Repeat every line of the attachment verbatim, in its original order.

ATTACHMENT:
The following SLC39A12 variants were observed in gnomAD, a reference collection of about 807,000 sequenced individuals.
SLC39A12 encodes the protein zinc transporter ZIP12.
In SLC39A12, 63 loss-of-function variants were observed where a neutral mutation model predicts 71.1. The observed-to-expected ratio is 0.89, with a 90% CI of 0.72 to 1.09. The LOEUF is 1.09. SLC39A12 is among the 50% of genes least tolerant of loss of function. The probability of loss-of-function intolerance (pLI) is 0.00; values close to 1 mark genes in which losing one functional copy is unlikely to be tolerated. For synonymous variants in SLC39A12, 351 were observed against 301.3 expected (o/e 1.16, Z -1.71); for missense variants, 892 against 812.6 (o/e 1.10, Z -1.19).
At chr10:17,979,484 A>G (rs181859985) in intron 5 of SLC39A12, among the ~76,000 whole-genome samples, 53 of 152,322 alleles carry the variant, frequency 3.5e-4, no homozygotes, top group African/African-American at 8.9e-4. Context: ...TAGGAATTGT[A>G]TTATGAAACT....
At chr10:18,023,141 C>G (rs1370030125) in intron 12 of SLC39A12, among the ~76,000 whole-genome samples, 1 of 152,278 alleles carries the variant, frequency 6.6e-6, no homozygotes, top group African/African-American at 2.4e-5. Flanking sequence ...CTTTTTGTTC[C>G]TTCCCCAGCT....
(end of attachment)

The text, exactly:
The following SLC39A12 variants were observed in gnomAD, a reference collection of about 807,000 sequenced individuals.
SLC39A12 encodes the protein zinc transporter ZIP12.
In SLC39A12, 63 loss-of-function variants were observed where a neutral mutation model predicts 71.1. The observed-to-expected ratio is 0.89, with a 90% CI of 0.72 to 1.09. The LOEUF is 1.09. SLC39A12 is among the 50% of genes least tolerant of loss of function. The probability of loss-of-function intolerance (pLI) is 0.00; values close to 1 mark genes in which losing one functional copy is unlikely to be tolerated. For synonymous variants in SLC39A12, 351 were observed against 301.3 expected (o/e 1.16, Z -1.71); for missense variants, 892 against 812.6 (o/e 1.10, Z -1.19).
At chr10:17,979,484 A>G (rs181859985) in intron 5 of SLC39A12, among the ~76,000 whole-genome samples, 53 of 152,322 alleles carry the variant, frequency 3.5e-4, no homozygotes, top group African/African-American at 8.9e-4. Context: ...TAGGAATTGT[A>G]TTATGAAACT....
At chr10:18,023,141 C>G (rs1370030125) in intron 12 of SLC39A12, among the ~76,000 whole-genome samples, 1 of 152,278 alleles carries the variant, frequency 6.6e-6, no homozygotes, top group African/African-American at 2.4e-5. Flanking sequence ...CTTTTTGTTC[C>G]TTCCCCAGCT....